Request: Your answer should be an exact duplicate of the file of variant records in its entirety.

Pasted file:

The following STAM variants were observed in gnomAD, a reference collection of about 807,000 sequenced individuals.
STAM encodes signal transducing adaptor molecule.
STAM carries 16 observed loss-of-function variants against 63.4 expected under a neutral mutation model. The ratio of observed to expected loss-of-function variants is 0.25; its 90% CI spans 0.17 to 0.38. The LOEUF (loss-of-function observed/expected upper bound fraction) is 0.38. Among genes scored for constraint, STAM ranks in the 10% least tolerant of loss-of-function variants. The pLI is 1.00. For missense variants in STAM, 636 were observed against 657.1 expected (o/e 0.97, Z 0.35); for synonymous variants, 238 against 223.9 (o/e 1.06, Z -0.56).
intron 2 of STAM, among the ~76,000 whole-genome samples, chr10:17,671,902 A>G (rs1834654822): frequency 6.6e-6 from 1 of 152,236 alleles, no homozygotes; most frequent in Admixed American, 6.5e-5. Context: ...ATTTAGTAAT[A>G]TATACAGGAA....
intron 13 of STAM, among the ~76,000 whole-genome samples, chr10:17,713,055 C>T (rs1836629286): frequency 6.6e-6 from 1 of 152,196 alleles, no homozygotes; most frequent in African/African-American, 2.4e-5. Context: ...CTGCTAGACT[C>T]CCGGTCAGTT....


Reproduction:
The following STAM variants were observed in gnomAD, a reference collection of about 807,000 sequenced individuals.
STAM encodes signal transducing adaptor molecule.
STAM carries 16 observed loss-of-function variants against 63.4 expected under a neutral mutation model. The ratio of observed to expected loss-of-function variants is 0.25; its 90% CI spans 0.17 to 0.38. The LOEUF (loss-of-function observed/expected upper bound fraction) is 0.38. Among genes scored for constraint, STAM ranks in the 10% least tolerant of loss-of-function variants. The pLI is 1.00. For missense variants in STAM, 636 were observed against 657.1 expected (o/e 0.97, Z 0.35); for synonymous variants, 238 against 223.9 (o/e 1.06, Z -0.56).
intron 2 of STAM, among the ~76,000 whole-genome samples, chr10:17,671,902 A>G (rs1834654822): frequency 6.6e-6 from 1 of 152,236 alleles, no homozygotes; most frequent in Admixed American, 6.5e-5. Context: ...ATTTAGTAAT[A>G]TATACAGGAA....
intron 13 of STAM, among the ~76,000 whole-genome samples, chr10:17,713,055 C>T (rs1836629286): frequency 6.6e-6 from 1 of 152,196 alleles, no homozygotes; most frequent in African/African-American, 2.4e-5. Context: ...CTGCTAGACT[C>T]CCGGTCAGTT....